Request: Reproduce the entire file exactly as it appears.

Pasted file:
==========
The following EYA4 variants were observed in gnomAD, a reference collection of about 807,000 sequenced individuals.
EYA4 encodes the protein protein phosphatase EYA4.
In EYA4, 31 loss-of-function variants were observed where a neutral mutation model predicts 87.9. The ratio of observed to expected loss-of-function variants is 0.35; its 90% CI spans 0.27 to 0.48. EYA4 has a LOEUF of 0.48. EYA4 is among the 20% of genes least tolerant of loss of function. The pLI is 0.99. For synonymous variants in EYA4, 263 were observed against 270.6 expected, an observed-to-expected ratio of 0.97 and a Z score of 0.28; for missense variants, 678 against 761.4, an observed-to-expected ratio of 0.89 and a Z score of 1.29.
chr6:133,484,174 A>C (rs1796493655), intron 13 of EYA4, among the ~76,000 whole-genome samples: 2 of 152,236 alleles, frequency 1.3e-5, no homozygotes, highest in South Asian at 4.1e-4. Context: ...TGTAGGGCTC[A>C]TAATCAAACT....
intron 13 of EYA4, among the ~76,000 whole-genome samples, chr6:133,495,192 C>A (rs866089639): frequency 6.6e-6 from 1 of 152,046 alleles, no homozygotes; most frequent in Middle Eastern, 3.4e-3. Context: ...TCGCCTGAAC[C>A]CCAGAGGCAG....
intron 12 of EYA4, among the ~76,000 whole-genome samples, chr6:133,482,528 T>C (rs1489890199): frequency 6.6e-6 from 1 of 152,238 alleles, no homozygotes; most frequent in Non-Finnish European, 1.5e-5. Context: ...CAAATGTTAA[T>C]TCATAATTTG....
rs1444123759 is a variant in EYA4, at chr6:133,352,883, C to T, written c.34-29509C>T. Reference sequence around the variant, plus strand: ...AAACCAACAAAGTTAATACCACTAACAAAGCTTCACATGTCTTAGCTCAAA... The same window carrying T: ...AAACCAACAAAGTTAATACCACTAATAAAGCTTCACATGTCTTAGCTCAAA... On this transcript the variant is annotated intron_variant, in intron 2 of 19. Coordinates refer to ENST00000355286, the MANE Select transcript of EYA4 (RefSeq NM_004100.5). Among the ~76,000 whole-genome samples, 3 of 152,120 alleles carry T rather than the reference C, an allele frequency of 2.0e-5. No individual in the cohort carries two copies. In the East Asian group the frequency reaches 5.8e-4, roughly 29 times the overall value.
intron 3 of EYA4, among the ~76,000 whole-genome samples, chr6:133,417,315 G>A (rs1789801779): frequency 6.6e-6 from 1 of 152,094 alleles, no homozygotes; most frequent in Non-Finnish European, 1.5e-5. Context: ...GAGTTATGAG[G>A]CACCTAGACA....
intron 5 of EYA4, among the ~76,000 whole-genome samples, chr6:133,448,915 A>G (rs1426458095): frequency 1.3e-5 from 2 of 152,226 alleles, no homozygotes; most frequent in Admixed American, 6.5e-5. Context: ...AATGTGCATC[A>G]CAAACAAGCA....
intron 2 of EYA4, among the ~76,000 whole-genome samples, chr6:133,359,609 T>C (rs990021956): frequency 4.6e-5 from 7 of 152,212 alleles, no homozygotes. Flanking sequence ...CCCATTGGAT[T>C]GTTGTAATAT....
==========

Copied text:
The following EYA4 variants were observed in gnomAD, a reference collection of about 807,000 sequenced individuals.
EYA4 encodes the protein protein phosphatase EYA4.
In EYA4, 31 loss-of-function variants were observed where a neutral mutation model predicts 87.9. The ratio of observed to expected loss-of-function variants is 0.35; its 90% CI spans 0.27 to 0.48. EYA4 has a LOEUF of 0.48. EYA4 is among the 20% of genes least tolerant of loss of function. The pLI is 0.99. For synonymous variants in EYA4, 263 were observed against 270.6 expected, an observed-to-expected ratio of 0.97 and a Z score of 0.28; for missense variants, 678 against 761.4, an observed-to-expected ratio of 0.89 and a Z score of 1.29.
chr6:133,484,174 A>C (rs1796493655), intron 13 of EYA4, among the ~76,000 whole-genome samples: 2 of 152,236 alleles, frequency 1.3e-5, no homozygotes, highest in South Asian at 4.1e-4. Context: ...TGTAGGGCTC[A>C]TAATCAAACT....
intron 13 of EYA4, among the ~76,000 whole-genome samples, chr6:133,495,192 C>A (rs866089639): frequency 6.6e-6 from 1 of 152,046 alleles, no homozygotes; most frequent in Middle Eastern, 3.4e-3. Context: ...TCGCCTGAAC[C>A]CCAGAGGCAG....
intron 12 of EYA4, among the ~76,000 whole-genome samples, chr6:133,482,528 T>C (rs1489890199): frequency 6.6e-6 from 1 of 152,238 alleles, no homozygotes; most frequent in Non-Finnish European, 1.5e-5. Context: ...CAAATGTTAA[T>C]TCATAATTTG....
rs1444123759 is a variant in EYA4, at chr6:133,352,883, C to T, written c.34-29509C>T. Reference sequence around the variant, plus strand: ...AAACCAACAAAGTTAATACCACTAACAAAGCTTCACATGTCTTAGCTCAAA... The same window carrying T: ...AAACCAACAAAGTTAATACCACTAATAAAGCTTCACATGTCTTAGCTCAAA... On this transcript the variant is annotated intron_variant, in intron 2 of 19. Coordinates refer to ENST00000355286, the MANE Select transcript of EYA4 (RefSeq NM_004100.5). Among the ~76,000 whole-genome samples, 3 of 152,120 alleles carry T rather than the reference C, an allele frequency of 2.0e-5. No individual in the cohort carries two copies. In the East Asian group the frequency reaches 5.8e-4, roughly 29 times the overall value.
intron 3 of EYA4, among the ~76,000 whole-genome samples, chr6:133,417,315 G>A (rs1789801779): frequency 6.6e-6 from 1 of 152,094 alleles, no homozygotes; most frequent in Non-Finnish European, 1.5e-5. Context: ...GAGTTATGAG[G>A]CACCTAGACA....
intron 5 of EYA4, among the ~76,000 whole-genome samples, chr6:133,448,915 A>G (rs1426458095): frequency 1.3e-5 from 2 of 152,226 alleles, no homozygotes; most frequent in Admixed American, 6.5e-5. Context: ...AATGTGCATC[A>G]CAAACAAGCA....
intron 2 of EYA4, among the ~76,000 whole-genome samples, chr6:133,359,609 T>C (rs990021956): frequency 4.6e-5 from 7 of 152,212 alleles, no homozygotes. Flanking sequence ...CCCATTGGAT[T>C]GTTGTAATAT....